Sony agreed in 2014 to upgrade its popular MDR-1R successor without altering the specification much, but has the sound changed? I checked the Sony MDR 1AS headphones (the ‘Silver’ / silver paint version of the MDR 1A) because I know how much its owners enjoy it; let’s see how it matches up against its predecessor and descendants.
- SONY MDR-1A: High resolution audio headphones
- Sony MDR-1A Overview
- Audio performance
- Sony MDR 1A, evolution of the famous MDR 1R
- Conclusion: Sony MDR 1A, a serial success
SONY MDR-1A: High resolution audio headphones
- Helmet type: Closed helmet
- Putting on the helmet: Circum aural, around the ear
- Membrane size: 40mm
- Foldable: Yes (swivel headphones)
- Remote control / microphone: Yes, compatible with smartphones
- Impedance: 24 ohms
- Sensitivity: 105 dB / mW
- Frequency response: 3 – 100 kHz
- Cable length: 120cm
- Weight: 226g
- Sound Reproduction up to 100 kHz, 40 mm driver units with ALCP for articulate audio reproduction, 4-conductor cable for better signal separation and resulting sound quality, Ergonomic ear pads for powerful response and long-term comfort.Connectivity Technology: Wired
- Compatible with 3 optional cables engineered with Kimber Kable, Silver coated OFC cable minimizes signal transmission loss, Beat Response Control for improved bass and transient response, Enfolding structure for wrap-around feel and improved acoustic seal
- Inward axis structure delivers optimum fit, Silent joints won't disturb your audio experience, In-line remote and microphone for hands-free phone calling, Carrying pouch and cord length is 3.94 feet
- Sensitivities (dB/mW): 105 dB/mW
Sony MDR-1A Overview
The MDR-1A are similar to their counterparts, the MDR-1Rs, in that they are sleek and unpretentious. This latest edition has a broader frequency spectrum, a “Hi-Res Audio” branding, a new aluminum-covered 40 mm diaphragm, and redesigned ear cushions.
The silver model has a lovely brown, while the black version has a lovely red line running along it. If you like headphones, there’s no excuse not to like this Sony version, which is eternal in nature.
These Sony headphones are surprisingly comfortable and lighter than our eyes imagine. The smooth, elongated pads curl around your ear. This closed helmet holds the sound inside, but we’ll see that it has a “semi-open” helmet philosophy in terms of sound.
The pads apply a level of pressure that is reassuring in terms of protection but not too close. These Sony headphones are a gift for long hours of listening because they are made of supple, pressure-resistant synthetic leather.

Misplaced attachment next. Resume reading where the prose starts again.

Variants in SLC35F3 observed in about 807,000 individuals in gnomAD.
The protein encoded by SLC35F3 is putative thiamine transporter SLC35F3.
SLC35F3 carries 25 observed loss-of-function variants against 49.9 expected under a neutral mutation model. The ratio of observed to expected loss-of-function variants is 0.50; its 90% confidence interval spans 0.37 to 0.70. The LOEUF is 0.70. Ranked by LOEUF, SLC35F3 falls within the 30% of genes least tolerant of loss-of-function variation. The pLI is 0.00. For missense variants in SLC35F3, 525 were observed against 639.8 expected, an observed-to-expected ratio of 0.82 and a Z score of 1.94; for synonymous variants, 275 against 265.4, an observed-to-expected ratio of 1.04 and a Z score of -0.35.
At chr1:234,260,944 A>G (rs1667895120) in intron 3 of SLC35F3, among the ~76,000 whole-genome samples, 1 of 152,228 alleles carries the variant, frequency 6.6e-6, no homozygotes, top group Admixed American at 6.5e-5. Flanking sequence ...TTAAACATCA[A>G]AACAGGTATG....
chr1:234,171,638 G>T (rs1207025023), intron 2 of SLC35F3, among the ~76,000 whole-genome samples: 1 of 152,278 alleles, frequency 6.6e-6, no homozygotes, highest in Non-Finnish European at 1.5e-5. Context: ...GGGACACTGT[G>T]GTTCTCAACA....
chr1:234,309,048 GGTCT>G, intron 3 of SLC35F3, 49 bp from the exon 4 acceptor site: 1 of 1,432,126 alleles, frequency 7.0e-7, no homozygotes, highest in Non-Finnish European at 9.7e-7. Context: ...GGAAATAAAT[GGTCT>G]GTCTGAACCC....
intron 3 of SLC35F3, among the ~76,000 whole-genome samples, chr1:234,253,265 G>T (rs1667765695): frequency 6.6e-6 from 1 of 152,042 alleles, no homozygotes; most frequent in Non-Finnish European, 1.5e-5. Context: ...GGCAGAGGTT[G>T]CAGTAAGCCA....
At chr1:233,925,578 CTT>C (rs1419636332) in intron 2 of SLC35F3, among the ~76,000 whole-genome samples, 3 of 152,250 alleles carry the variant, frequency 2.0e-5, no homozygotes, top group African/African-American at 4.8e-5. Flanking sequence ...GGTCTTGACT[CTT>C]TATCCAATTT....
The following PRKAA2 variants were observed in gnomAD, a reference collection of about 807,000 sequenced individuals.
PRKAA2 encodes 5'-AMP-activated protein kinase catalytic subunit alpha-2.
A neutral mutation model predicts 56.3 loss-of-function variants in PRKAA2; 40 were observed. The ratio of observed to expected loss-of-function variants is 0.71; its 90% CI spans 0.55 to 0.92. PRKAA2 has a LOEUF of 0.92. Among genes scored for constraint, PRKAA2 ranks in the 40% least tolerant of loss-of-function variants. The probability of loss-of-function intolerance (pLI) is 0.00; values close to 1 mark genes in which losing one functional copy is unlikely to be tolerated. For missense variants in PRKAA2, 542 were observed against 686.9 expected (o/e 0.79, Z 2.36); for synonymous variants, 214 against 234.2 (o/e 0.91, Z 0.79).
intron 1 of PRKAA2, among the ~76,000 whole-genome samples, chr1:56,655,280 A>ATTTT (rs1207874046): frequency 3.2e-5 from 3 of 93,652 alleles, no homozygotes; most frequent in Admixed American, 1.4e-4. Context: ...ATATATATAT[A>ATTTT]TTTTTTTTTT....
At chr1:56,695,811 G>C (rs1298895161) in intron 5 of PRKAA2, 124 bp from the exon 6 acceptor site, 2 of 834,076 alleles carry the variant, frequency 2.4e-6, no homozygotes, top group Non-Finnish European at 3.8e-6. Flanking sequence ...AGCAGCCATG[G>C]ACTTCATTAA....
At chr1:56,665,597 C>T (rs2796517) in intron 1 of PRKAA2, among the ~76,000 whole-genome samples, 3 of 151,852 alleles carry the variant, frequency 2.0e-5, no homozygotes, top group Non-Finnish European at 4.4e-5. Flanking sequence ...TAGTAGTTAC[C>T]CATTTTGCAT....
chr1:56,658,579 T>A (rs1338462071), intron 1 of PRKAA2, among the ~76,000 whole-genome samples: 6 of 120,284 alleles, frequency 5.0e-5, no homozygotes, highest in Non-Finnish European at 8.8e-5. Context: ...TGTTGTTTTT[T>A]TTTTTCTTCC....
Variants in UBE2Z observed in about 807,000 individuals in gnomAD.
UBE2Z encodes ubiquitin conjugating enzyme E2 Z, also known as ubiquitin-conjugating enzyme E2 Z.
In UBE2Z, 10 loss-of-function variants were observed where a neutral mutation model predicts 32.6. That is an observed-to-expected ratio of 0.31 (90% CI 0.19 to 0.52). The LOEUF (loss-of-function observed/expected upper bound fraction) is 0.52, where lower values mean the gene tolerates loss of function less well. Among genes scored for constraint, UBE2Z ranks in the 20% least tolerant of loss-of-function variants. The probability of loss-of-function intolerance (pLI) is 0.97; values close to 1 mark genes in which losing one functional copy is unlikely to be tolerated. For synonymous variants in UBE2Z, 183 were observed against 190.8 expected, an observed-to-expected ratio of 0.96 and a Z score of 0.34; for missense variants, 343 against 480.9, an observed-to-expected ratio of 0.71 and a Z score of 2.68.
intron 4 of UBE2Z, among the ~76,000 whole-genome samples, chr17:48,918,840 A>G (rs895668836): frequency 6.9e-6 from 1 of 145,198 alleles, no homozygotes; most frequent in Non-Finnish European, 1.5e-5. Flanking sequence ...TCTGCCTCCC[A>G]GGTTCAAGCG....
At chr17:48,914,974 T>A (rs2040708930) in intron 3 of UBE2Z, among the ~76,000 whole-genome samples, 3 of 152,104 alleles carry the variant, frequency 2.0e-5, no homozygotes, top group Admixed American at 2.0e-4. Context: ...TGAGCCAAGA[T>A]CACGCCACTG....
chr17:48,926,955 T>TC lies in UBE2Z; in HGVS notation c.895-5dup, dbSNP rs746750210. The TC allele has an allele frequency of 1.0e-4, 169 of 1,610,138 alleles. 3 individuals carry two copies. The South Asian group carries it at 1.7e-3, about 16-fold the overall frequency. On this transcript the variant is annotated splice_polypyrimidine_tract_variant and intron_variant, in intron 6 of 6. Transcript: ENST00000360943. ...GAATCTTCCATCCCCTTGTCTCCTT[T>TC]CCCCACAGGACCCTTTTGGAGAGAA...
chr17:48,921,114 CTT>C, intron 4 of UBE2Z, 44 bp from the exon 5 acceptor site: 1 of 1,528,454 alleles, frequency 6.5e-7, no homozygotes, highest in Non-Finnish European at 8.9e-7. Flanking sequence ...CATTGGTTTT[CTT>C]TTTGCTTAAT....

The headset is swivel, meaning you can wear it with the pads facing the collarbones, as opposed to the MDR-1R, which exposed them outward. It is not, though, collapsible.
Controls and cables
The remote control and microphone are combined into a single press, designed more for iPhone than Android, but both will work… Finally, “will work” is easily mentioned that this button has the worst user interface and is the least intuitive button in the world. It would be even less difficult to uninstall the phone and change the settings on the screen.
Otherwise, you can get the Sony Smart Key app from the Google Play Store, which should allow you to customize the remote control for Android devices.
There’s even a headphone cord that doesn’t have a control or microphone, and it’s this one that guarantees Hi-Res approval. Unlike traditional headphones and earphones, which share a common ground wire, this 4.40mm balanced link cable totally divides the right and left channels. As a result, signal propagation delays and sound leakage are minimized, and distortion and interference are reduced. This cable is the only one I use because the tone is firmer and more strong, and I dislike the other.
Sony also surprised us by using a patented attachment on the headphone, which seems to be a 3.5 jack but is really a little larger. The right cables for this headset with micro-remote control can be found on Amazon.
Listening to this headphone is very harmonious; it has very little excess. I also disagree with someone who feels it has so much bass; the separation of the headphones enhances the sense of bass, but it is never dominant. Headphones that pound in the bass are popular in this group, and they don’t even encourage you to listen to guitar or piano.
Sony’s headphones will quickly transition from the swift and strong pace of AC / DC’s Back in Black to the smoother, more calculated rhythm of Chris Isaak’s Wicked Game. Agnès Obel pulled me into a deep listening session with this helmet. The echo is crystal clear and uncomplicated. With the MDR-1A, we start learning about serious music listening!